Wegovy weight-loss drug not a ‘magic bullet,’ doctor warns


As Wegovy becomes available to Canadians starting Monday, a doctor is cautioning patients wanting to use the drug to lose weight that no medication is a “magic bullet.”


Denmark-based global health-care giant Novo Nordisk produces the weekly injection Wegovy and the popular diabetic and weight-loss drug Ozempic.


The new medication is meant particularly for people who meet certain criteria related to obesity and weight, CTV’s medical expert Dr. Marla Shapiro said.


“The popularization of Ozempic being used by Hollywood and giving it the impression that it’s a magic bullet has really been not a good thing,” Shapiro said in an interview with CTV News Channel on Friday.


“The issue here is that using the medication (Wegovy) inappropriately, you may lose the weight, but if you stop the medication, you’re likely to increase back. Remember, the medication only works with exercise and a calorie-reduced diet.”


Shapiro said Wegovy is an on-label weight-loss medication, which means it’s prescribed for a specific purpose. In this case, Wegovy is prescribed to adults who are obese, with a body mass index (BMI) greater than or equal to 30. The drug also targets those who are significantly overweight, with a BMI of 27, and have at least one weight-related medical condition such as high blood pressure, Type 2 diabetes, cholesterol problems, dyslipidemia (an imbalance of lipids such as cholesterol or triglycerides), or obstructive sleep apnea.


“We really want people to understand that obesity is a chronic medical condition and that is what we’re treating,” Shapiro said. “We’re not looking to treat someone who walks in and wants to lose five pounds, 10 pounds, who really doesn’t meet those two strict criteria.”


Since Wegovy is an on-label medication for a chronic disease, it implies it’s meant for chronic use, she added.


“It needs to be monitored by your health-care provider,” she explained. “And you really have to have the indications to go on it, having failed all the other alternatives that may have been given to you prior to thinking about going on a long-term medication.”


The medication makes people feel fuller and reduces gastric emptying, or the process of the stomach expelling its contents, Shapiro said.


Who should not use Wegovy


Individuals who should not use Wegovy, according to Shapiro, include those with serious allergic reactions to the medication, those with pancreatic or renal kidney problems, those using drugs for diabetes, those who are or are planning on becoming pregnant or breastfeeding and those with a history of thyroid cancer, particularly medullary thyroid cancer.


Like other medications, she said Wegovy has side effects like constipation and nausea, which is why the drug is suggested to be used at night.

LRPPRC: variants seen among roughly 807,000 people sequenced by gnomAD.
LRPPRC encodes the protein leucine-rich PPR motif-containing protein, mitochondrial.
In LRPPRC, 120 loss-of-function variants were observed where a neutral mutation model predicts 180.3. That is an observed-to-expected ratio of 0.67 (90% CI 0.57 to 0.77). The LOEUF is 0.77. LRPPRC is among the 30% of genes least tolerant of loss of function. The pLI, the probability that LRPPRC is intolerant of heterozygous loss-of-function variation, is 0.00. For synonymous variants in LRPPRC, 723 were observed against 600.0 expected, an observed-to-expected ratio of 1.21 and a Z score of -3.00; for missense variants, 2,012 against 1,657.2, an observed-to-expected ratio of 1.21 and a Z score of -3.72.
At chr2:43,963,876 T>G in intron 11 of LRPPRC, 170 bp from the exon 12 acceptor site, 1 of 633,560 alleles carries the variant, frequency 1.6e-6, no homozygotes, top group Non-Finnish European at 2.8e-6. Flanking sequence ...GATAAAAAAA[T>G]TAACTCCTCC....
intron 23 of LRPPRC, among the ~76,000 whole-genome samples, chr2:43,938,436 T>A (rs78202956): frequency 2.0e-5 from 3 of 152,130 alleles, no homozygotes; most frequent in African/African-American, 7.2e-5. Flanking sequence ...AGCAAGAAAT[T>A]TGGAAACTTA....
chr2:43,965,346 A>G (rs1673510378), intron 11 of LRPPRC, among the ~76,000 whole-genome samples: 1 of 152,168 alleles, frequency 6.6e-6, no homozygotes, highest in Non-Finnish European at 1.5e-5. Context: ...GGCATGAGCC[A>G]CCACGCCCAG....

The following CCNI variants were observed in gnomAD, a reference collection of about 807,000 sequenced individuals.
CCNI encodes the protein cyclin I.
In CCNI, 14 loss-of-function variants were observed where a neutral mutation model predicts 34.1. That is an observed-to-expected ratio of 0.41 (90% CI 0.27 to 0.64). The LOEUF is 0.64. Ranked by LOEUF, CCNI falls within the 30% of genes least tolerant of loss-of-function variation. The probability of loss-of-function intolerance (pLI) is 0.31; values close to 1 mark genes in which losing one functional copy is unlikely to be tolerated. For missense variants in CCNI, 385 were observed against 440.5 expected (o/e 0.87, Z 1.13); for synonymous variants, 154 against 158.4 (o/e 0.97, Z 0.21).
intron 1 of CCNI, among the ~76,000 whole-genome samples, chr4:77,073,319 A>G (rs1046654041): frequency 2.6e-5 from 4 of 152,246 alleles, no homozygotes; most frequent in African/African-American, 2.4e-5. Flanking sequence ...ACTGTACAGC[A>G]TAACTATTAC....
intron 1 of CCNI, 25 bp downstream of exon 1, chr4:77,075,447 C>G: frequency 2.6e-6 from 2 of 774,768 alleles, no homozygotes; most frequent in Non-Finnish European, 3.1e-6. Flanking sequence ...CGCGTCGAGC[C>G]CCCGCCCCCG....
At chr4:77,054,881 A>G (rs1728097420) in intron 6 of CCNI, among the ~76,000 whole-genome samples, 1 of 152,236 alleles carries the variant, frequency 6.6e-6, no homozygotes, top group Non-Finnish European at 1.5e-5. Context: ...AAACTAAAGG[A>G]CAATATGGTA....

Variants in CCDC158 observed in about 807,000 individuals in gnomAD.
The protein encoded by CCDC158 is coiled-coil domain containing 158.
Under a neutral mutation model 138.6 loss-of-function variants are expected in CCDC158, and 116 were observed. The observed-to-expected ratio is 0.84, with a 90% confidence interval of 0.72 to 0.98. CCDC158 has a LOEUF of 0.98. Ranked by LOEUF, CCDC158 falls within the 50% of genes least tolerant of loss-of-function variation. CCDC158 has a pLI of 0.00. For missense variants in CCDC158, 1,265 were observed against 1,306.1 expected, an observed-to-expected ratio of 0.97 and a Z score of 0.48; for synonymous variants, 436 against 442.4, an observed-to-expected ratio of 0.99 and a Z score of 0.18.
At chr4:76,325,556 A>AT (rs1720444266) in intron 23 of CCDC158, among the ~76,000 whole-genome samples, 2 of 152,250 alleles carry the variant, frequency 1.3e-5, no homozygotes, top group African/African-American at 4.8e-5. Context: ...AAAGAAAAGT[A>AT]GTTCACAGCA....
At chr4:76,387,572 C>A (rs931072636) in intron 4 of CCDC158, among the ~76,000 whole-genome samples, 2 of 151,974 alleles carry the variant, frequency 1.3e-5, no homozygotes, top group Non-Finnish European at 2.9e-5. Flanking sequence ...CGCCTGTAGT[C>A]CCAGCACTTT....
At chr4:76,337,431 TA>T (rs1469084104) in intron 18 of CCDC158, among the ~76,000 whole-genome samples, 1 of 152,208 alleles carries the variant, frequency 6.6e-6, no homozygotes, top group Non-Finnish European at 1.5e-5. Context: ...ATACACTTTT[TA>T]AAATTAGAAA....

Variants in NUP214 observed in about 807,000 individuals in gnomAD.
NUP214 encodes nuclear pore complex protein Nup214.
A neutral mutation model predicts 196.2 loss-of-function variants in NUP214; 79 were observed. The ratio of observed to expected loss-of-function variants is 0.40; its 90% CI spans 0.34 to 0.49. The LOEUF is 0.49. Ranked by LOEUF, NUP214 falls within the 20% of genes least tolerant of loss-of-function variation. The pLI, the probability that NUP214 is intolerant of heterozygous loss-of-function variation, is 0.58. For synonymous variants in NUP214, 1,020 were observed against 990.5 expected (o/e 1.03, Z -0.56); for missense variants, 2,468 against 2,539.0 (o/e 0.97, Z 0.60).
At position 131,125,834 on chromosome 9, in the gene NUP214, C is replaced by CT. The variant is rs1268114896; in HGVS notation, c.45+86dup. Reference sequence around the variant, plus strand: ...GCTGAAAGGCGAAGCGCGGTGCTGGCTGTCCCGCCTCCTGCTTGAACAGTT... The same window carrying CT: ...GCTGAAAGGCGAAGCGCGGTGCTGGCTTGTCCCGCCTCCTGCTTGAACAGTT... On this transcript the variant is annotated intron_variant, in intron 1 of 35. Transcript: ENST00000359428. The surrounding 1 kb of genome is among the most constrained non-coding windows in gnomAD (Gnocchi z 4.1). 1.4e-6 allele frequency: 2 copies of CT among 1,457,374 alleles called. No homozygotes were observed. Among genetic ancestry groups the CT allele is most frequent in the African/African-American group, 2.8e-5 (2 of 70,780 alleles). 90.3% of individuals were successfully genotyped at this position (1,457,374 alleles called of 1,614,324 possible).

Users may also experience inflammation of the pancreas, also known as pancreatitis, gallbladder problems, lower blood sugar, kidney issues, increased heart rates, depression, suicidal thoughts and serious allergic reactions such as hives.


“No medication is benign,” she said. “It’s naive to say that any medication is without any side effects.”


Many people are overweight not necessarily because of their lifestyle choices in failing to eat less and exercise more, it’s because they have obesity as a chronic disease, Shapiro explained. “This is an illness like other illnesses and this is a tool to treat it.”


Experts estimated Wegovy would probably cost about $400 a month, though it is unclear whether medical insurance plans would cover it.


Novo Nordisk Canada declined to share the price for Wegovy to The Canadian Press. In a statement, it said that “medication pricing in Canada is influenced by multiple factors including federal, provincial and territorial governments and insurance providers, and prices may vary person to person.”


Health Canada only approved Ozempic to treat Type 2 diabetes but it has been prescribed off-label for weight loss.


The health agency later approved Wegovy in November 2021 amid supply shortages of Ozempic. Wegovy carries a higher weekly dose of semaglutide at 2.4 milligrams, compared to one milligram in a single Ozempic dose. Semaglutide, which mimics an insulin-promoting hormone, suppresses appetite and helps people feel fuller.


Clinical trials showed that Wegovy was safe and effective for weight loss, and had a positive impact on other weight-related conditions such as cardiovascular health, Vancouver-based endocrinologist Dr. Ehud Ur told The Canadian Press. Ur is not affiliated with Novo Nordisk.


With files from The Canadian Press

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